Personality and the Brain
Prof. Dr. Dr. Gerhard Roth
HENN Akademie, July 5, 2007
It is generally believed that one’s attitude can be best changed by putting forward arguments that are as understandable as possible. Who wants to ignore clear-cut logic? However, reality is quite different: our fellow human beings either do not accept our abundantly clear arguments at all, or they are convinced by them verbally or even superficially and change their behaviour but only in the short term.
Neuroscientific and psychological investigations show that the changeability of a human being is deeply anchored in the personality structure, through an interplay of genetic “precepts”, early childhood imprints and psycho-social experiences during childhood and adolescence. Rational as well as consciously-emotional considerations are only effective in the long-term if these considerations are reconciled with subconscious emotional and affective motives. These are essentially determined by highly individual and usually unconscious risk assessments and expectations of reward. Changeability is generally significantly reduced by the time of adulthood and it is at this point in time that the person changes to the extent the subconscious motive structures allow. As established by the Berlin psychologist, Jens Asendorpf, as older adolescents and adults, we would rather seek out those environmental conditions that match our personality than actively adapt our personality to these conditions.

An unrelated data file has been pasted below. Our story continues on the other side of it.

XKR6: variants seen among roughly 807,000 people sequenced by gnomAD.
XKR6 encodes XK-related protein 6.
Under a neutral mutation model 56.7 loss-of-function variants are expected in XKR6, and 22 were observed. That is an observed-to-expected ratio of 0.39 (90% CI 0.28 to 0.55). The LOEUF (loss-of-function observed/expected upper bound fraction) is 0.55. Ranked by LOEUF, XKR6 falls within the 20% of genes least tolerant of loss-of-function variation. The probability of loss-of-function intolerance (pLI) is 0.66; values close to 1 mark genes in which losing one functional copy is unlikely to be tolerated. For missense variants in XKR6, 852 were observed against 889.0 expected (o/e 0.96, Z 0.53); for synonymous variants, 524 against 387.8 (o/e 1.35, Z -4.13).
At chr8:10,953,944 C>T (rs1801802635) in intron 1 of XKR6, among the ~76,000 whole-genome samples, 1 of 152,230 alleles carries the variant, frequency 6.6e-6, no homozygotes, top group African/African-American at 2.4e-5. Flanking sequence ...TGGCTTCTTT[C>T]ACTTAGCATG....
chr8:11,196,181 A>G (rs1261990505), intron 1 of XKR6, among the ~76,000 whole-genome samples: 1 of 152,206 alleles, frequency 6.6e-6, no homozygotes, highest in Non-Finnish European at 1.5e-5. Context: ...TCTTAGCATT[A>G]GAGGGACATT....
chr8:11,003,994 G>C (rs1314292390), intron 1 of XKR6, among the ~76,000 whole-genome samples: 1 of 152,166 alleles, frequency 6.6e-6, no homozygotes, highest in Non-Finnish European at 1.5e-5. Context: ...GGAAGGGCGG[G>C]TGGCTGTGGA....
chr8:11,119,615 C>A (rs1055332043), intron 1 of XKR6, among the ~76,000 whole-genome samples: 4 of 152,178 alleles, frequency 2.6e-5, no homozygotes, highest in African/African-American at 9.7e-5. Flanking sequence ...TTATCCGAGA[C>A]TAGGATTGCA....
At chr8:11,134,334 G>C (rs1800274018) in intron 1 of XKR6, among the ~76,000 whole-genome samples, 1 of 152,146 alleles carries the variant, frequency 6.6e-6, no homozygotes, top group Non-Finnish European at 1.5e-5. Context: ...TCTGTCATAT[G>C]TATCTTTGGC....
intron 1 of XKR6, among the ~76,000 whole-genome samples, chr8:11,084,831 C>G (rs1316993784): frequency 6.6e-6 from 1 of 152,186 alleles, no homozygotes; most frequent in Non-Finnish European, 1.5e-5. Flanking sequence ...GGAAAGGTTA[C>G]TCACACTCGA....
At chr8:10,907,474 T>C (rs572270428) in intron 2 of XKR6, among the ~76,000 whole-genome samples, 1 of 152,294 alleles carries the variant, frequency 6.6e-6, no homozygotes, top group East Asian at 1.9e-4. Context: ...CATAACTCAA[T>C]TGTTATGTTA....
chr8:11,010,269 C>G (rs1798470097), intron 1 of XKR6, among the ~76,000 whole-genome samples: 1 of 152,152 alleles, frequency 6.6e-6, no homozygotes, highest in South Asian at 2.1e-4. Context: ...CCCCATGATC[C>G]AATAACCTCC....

Major changes are only possible in adulthood through (1) brainwashing, abrupt or otherwise profound experiences, (2) a new and challenging partnership, (3) psychotherapy, which may take an accordingly long period, (4) frequent effects that are always targeted in the same direction. But limits are set with respect to such encroachments by the personality of the human being.
Prof. Dr. Dr. Gerhard Roth studied from 1963 to 1969 as a scholar of the German National Academic Foundation in Münster and Rome, initially in musicology, German studies and philosophy and obtained his doctorate in 1969. His second degree was in biology, amongst others in Berkeley, California, which he completed in 1974 with a further post-doctoral degree in zoology at the University of Münster. Since 1976 he has been lecturing as a professor in behavioural physiology at the University of Bremen and since 1989 he has been a director of the institute for brain research there. In 1997 he was appointed the founding rector of the Hanse Scientific College.